So, last week wasn’t actually my last blog post. I apologize for the premature fanfare. No one is more disappointed than I. Anywho, I’m interested this week in Derrida’s construction of the physical archive as a displacement of certain psychic prejudices and consignments. Derrida observes that the archon inevitable installs themselves as a kind of administrator of culture, an extension of the State’s need to classify, order, and categorize cultural material, a recuperation of civil law which imposes vast and horizontal taxonomies of experience. To what extent does the archive play an active role in establishing those taxonomies which render the dynamism of experience inert? Derrida sites the liquidation of stable generic categories as essentially unorderable. If generic deconstruction is insurmountable, “order is no longer assured” (5).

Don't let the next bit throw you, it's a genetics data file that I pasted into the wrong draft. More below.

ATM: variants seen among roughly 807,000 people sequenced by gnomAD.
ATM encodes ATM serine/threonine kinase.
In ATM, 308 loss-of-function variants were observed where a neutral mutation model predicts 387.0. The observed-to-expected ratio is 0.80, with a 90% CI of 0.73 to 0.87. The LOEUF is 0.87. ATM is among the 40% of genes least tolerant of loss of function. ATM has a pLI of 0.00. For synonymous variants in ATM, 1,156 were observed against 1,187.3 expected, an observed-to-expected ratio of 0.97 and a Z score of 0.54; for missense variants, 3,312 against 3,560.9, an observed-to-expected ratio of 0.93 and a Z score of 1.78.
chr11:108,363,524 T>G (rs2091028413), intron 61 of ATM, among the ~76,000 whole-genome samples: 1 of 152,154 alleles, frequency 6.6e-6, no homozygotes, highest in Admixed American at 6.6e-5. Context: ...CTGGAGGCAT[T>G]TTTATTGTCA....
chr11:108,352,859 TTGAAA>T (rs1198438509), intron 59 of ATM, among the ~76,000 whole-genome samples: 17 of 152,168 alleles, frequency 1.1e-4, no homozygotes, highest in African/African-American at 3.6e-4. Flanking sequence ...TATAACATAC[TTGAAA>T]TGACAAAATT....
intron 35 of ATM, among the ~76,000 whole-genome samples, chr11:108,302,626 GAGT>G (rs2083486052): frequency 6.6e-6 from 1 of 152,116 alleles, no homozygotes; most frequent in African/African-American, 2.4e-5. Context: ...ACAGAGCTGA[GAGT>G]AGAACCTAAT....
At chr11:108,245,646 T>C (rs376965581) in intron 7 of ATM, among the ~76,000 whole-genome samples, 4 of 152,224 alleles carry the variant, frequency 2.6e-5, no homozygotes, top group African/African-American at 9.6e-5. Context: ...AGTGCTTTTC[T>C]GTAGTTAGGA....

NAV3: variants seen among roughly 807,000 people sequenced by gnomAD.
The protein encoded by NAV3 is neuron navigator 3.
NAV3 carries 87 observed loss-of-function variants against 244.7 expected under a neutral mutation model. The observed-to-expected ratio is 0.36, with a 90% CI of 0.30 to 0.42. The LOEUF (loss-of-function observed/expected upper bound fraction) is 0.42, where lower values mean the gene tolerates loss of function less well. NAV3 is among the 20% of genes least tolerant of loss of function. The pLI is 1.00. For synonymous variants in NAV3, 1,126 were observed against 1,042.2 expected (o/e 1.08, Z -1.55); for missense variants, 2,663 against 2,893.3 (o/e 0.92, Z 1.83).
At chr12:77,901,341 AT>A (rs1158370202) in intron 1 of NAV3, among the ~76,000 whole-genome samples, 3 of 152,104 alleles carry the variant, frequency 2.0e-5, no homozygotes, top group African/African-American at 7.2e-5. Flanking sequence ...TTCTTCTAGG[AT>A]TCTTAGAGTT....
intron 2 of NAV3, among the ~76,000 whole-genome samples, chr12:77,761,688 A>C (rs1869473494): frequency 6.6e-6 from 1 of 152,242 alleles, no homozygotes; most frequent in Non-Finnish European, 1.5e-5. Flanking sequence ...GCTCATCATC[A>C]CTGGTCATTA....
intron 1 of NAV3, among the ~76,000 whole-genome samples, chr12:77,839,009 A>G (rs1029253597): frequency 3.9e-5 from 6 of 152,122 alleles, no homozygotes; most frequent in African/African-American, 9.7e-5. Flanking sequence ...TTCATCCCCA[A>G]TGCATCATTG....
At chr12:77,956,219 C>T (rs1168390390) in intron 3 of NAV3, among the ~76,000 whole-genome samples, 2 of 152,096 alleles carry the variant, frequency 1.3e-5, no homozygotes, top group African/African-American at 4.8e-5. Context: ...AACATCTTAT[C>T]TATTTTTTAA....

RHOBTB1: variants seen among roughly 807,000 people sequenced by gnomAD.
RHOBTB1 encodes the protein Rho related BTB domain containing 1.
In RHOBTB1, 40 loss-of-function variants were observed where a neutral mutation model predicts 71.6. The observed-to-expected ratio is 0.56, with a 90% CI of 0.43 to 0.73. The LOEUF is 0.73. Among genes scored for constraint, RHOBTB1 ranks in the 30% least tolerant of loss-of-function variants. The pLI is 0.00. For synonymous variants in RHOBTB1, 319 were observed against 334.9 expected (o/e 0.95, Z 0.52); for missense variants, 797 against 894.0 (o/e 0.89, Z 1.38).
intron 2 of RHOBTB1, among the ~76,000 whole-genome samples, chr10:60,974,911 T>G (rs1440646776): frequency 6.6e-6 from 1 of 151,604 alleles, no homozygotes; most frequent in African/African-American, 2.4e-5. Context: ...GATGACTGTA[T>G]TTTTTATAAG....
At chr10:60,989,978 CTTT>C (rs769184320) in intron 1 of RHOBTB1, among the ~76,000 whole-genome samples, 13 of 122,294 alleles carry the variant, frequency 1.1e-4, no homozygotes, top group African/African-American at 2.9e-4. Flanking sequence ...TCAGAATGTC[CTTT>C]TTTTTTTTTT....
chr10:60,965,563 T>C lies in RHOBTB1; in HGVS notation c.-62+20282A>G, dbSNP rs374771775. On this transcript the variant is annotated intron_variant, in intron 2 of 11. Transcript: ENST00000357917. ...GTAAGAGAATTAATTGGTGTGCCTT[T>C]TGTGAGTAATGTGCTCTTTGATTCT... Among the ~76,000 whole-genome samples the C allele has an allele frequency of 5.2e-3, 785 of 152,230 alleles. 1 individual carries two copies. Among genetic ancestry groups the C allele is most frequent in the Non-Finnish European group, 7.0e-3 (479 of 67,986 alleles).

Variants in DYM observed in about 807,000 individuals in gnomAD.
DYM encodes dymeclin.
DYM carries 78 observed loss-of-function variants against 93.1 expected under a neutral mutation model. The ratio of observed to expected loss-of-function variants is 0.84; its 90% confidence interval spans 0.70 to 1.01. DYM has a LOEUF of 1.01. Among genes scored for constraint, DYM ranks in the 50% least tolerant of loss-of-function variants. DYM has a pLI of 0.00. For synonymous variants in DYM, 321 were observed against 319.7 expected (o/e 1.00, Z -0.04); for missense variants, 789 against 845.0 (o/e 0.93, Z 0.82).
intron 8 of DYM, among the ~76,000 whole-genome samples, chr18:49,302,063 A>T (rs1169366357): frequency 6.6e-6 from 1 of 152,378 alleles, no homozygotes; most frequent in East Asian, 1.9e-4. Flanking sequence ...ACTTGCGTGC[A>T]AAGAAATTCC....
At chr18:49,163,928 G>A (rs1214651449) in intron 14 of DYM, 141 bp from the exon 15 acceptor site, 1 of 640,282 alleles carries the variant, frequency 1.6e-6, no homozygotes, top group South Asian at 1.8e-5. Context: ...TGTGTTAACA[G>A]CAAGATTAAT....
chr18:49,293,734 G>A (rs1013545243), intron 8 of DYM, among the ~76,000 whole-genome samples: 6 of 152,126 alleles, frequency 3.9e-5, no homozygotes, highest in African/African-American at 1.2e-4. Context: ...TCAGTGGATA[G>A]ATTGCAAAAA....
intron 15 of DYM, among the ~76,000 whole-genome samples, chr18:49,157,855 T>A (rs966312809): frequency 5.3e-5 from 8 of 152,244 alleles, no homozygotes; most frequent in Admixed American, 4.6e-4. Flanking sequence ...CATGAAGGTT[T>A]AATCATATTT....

I wonder how Derrida’s challenge to generic purity applies to periodization. Are you periods out of touch with the generic slippage archival efforts have exposed? As I pick my exam fields, I’ve sort of been conditioned to choose periods based on the skills they provide. To oversimply to the periodic taxonomy to an absurd degree: Nineteenth century is for the novel, modernism is for media tracking media proliferation, and contemporary is for deconstruction. Despite our efforts to deconstruct the canon and the traditional archonic procedures around the emergence of post-colonial reason, our periods have largely remained the same. Look, grad students aren’t stupid. We see what’s happening in the academy. The mission of the expert has failed. The interdisciplinary challenges of modernity have exposed specialization and mastery as illusory. I’m not sure that’s a positive development, and I’m not ready to turn the academic process into a cafeteria line, picking and choosing as we go, but it’s a concern I have. If I earn an academic job, will it be as an expert, or as a mere citizen of an ecology of art that has become overgrown and wild?